Religion: Those Mainline Blues

America's Old Guard Protestant churches confront an unprecedented decline

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In the beginning was mainline Protestantism. At Plymouth Rock and Jamestown, and for 3 1/2 centuries thereafter, the denominations known today by that label defined the spiritual and moral ethos of the U.S. These prominent Wasp bastions nurtured the founders, imparting to them notions of republican government and individual freedom. Dominating American Protestantism, these churches shaped virtually every aspect of an evolving nation: its pioneering colleges, its 19th century novels of sin and rectitude, its capitalist ethic of striving and saving, and a world-conquering spirit that was shared by missionaries and entrepreneurs alike. Mainliners were at the forefront of social crusades from independence to abolition, women's suffrage to Prohibition, civil rights to Viet Nam protests.

During the past two decades, however, that center has dropped away. The central fact about mainline Protestantism in the U.S. today is that it is in deep trouble. This stunning turnabout is apparent in the unprecedented hemorrhaging of memberships in the three major faiths that date from colonial times. The United Church of Christ (which includes most Congregationalists) has shrunk 20% since 1965, the Presbyterian Church 25%, and the Episcopal Church 28%. As for two related denominations that mushroomed in the 19th century, the United Methodist Church has dropped 18%, and the Christian Church (Disciples of Christ) 43% after a de facto schism. Together, these five groups suffered a net loss of 5.2 million souls during years when the U.S. population rose 47 million. (In addition to these five denominations, "mainline" generally refers to the old, culturally established, predominantly white Protestant groups belonging to the National Council of Churches.)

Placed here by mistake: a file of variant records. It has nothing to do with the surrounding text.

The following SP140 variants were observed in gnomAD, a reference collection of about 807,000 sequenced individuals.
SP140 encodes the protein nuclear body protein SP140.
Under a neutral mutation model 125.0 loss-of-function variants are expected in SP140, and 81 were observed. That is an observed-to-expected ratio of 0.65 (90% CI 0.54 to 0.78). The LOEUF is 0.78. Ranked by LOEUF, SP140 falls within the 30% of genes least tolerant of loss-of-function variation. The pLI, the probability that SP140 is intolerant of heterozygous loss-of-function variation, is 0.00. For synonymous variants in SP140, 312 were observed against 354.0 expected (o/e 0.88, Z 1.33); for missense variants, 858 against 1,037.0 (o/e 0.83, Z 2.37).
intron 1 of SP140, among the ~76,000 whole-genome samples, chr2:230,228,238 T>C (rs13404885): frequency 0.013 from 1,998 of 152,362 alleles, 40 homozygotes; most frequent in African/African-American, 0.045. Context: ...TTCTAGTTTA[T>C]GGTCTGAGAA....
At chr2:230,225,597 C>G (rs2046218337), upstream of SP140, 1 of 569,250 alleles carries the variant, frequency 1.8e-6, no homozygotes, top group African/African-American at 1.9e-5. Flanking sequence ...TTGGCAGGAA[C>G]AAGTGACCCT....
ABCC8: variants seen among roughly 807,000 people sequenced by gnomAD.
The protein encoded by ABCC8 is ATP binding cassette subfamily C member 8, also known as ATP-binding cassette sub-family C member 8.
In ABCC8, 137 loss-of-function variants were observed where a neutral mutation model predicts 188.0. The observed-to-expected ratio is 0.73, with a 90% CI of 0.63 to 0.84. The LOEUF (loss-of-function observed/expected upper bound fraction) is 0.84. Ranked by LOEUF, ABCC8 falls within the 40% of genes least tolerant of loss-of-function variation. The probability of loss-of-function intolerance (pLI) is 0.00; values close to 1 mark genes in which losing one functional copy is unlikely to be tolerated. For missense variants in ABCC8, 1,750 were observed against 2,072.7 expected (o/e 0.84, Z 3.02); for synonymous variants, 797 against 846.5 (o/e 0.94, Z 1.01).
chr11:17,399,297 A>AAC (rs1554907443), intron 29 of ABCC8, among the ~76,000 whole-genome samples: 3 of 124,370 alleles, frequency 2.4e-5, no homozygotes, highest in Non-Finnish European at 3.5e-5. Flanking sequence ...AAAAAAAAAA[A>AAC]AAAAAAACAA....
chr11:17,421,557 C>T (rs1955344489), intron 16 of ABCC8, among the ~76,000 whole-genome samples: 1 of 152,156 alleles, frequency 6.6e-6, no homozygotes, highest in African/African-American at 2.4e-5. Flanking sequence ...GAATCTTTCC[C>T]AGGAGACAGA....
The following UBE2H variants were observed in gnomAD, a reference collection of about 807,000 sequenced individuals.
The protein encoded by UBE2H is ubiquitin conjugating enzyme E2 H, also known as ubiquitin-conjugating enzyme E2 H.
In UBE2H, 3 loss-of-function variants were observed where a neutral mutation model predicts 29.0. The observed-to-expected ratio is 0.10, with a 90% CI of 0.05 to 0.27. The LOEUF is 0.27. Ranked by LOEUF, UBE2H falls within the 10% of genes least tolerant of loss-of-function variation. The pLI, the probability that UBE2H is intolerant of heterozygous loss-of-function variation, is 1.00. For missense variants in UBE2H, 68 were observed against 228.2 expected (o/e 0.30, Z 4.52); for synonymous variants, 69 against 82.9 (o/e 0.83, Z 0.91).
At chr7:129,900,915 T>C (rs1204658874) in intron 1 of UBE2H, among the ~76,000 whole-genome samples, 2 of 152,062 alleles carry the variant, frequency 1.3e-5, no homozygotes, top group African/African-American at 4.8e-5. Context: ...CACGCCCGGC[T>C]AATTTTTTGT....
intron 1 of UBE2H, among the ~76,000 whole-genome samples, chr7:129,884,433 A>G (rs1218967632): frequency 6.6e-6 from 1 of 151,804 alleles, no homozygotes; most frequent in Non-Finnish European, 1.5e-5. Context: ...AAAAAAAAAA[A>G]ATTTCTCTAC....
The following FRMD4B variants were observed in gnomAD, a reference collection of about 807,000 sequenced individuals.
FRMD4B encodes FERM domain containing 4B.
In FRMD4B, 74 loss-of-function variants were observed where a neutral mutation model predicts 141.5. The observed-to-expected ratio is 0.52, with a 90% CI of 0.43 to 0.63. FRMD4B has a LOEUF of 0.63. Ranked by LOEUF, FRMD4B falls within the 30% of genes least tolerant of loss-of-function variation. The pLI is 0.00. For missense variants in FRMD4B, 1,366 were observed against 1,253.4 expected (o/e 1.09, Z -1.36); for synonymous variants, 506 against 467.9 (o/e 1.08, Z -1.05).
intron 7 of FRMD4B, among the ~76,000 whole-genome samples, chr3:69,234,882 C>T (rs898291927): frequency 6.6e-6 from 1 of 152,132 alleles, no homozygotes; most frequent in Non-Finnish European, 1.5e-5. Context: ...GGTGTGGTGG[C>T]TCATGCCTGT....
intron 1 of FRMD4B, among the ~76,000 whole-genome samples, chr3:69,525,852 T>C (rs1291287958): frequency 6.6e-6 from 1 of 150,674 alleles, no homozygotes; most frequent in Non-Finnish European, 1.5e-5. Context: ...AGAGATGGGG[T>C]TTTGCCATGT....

Nor is any upswing in sight. Mainline congregations, says Isabel Rogers, former Moderator of the Presbyterian Church (U.S.A.), are "no longer the primary shapers of values in American society." What, then, does their decline portend for a society that has been so largely built upon their values and precepts? That is hardly a trivial matter. How the nation defines itself spiritually will have much to do with its future political directions and with the strength of its moral foundations, which are increasingly under siege by drugs, violence and pervasive greed.

The mainline plight might be understandable if all of U.S. Christendom were reeling under the shocks of secularism and the inroads of new, alien faiths. But that is not the case. During the past two decades, black Protestant groups have gained, Roman Catholic membership has grown a solid 16%, and the boom in the conservative evangelical churches (including Fundamentalists, Pentecostals and charismatics) has caused some to envision a religious revival.

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